2015 was the year of the pencil for many, and I was no exception. Due in part to the efforts of pencil-pushers like the folks at C.W. Pencil Enterprises and Pencils.com, high-quality woodcase pencils are more available than ever (though they may be more expensive than when we were kids). Without further ado, here are my top five pencils that I enjoy for everyday writing:
- Palomino Blackwing 602. Palomino’s resurrection of the classic Eberhard Faber pencil looks great and has what I consider to be the perfect balance of point retention and darkness. I’ll also include the Blackwing Volumes 211 here, because it uses the same core. The 211 is perhaps my favorite purchase from the past year, but it’s a limited edition, so it can’t merit it’s own place on a Top-5 list.
- Palomino Forest Choice. My personal favorite of the natural-finish pencils ends could be called the frugal man/woman's version of the Blackwing Volumes 211. At $2.95 for a dozen, it's a fraction of the cost. (Literally, you get a dozen pencils for the cost of one Blackwing.) The wood on the Forest Choice also develops a nice patina with long-term use. Some people find the core a touch scratchy, but I personally prefer a little grit in my graphite.
- Dixon Ticonderoga (Made in China). What used to be the flagship U.S.-made #2 pencil, that most of us (well, at least those of us above the age of 25) learned to write with in school. Dixon has now moved production to China and Mexico, but the quality is still there—you just have to look a bit harder. The graphite used in the Chinese version is pleasantly dark and soft, as opposed to the Mexican graphite which I find harder and extremely scratchy, even for me.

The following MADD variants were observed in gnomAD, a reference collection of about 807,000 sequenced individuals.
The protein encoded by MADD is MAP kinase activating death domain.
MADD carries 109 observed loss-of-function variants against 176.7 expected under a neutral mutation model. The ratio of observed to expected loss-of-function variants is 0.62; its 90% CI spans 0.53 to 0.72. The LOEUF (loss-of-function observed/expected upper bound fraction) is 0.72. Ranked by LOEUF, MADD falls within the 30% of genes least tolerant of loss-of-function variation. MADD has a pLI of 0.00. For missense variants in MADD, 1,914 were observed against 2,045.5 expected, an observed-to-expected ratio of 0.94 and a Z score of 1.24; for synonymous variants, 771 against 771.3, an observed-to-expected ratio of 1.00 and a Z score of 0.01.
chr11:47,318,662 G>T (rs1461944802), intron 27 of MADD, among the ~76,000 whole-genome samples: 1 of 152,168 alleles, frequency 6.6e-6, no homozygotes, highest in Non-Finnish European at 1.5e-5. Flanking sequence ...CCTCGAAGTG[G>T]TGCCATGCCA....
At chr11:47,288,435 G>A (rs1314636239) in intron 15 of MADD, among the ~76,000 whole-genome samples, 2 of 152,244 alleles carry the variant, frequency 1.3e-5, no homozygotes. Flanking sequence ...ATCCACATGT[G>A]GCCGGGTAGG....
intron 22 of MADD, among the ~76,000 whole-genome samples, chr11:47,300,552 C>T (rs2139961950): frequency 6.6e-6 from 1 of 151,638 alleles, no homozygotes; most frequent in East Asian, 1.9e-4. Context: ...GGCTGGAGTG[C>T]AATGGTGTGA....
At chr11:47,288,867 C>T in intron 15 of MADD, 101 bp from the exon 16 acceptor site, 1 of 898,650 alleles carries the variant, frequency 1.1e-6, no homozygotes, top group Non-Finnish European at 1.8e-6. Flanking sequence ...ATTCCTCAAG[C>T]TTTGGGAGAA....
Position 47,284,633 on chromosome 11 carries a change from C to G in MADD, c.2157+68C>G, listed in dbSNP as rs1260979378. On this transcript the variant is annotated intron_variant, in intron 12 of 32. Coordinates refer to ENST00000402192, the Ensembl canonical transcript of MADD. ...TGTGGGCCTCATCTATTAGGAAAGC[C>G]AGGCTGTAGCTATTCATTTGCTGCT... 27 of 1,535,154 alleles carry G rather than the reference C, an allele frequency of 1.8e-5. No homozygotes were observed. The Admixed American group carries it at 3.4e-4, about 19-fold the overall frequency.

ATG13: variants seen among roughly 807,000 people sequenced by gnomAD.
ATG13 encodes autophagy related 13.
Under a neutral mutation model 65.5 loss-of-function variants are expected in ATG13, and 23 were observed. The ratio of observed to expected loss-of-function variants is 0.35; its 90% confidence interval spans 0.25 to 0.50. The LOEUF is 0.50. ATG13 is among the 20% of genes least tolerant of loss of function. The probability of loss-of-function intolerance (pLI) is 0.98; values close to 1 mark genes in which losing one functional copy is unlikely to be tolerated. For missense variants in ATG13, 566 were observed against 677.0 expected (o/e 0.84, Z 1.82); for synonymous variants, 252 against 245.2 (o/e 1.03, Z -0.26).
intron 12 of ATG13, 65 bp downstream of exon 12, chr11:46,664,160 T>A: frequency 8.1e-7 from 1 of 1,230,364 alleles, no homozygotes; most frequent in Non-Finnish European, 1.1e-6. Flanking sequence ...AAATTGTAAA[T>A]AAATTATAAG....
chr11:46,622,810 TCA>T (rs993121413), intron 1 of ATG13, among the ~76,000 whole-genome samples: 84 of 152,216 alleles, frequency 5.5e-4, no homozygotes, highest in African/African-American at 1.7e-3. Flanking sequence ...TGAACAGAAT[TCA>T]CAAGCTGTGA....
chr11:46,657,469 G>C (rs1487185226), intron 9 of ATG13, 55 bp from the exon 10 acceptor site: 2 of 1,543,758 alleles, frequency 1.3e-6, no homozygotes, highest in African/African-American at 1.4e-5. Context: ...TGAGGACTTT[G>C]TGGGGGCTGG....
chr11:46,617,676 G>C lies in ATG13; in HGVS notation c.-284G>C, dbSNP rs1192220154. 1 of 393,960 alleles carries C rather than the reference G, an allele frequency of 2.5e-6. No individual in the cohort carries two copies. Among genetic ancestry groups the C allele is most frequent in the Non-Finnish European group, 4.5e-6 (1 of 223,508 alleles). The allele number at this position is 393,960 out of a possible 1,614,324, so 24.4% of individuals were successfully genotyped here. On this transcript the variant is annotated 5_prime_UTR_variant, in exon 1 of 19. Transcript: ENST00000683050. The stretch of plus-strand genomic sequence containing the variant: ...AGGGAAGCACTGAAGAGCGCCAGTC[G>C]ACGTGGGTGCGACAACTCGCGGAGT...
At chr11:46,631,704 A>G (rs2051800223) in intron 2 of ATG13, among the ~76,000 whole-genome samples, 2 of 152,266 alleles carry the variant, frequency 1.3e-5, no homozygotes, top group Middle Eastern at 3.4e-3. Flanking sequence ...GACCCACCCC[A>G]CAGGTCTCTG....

- General’s Semi-Hex. My favorite of the last American-made yellow #2s, and it's getting a bit harder to find. I reviewed these a while back. Some might find the graphite gritty, but again, that's my preference. I especially like the "semi-hex" rounded edges, which are much more comfortable than the rather sharp hexagonal edges of pencils made by Musgrave, such as the Musgrave Test-Scoring 100 and the Palomino Golden Bear (made by Musgrave).
- The Original Palomino HB. My “gateway drug” into nice pencils, and the first pencils that I ordered where I paid more than $10 for a dozen. The Palomino is the whole package: a dark core, aromatic cedar smell, thick lacquer on the wood, and an excellent eraser.
I can’t justify placing the Caran d’Ache Swiss Wood and the Caran d’Ache Black Wood in the “Top 5” due to a combination of cost and availability, but I love these two pencils and use them all the time. If you’re a true pencil geek, they’re both worth checking out!
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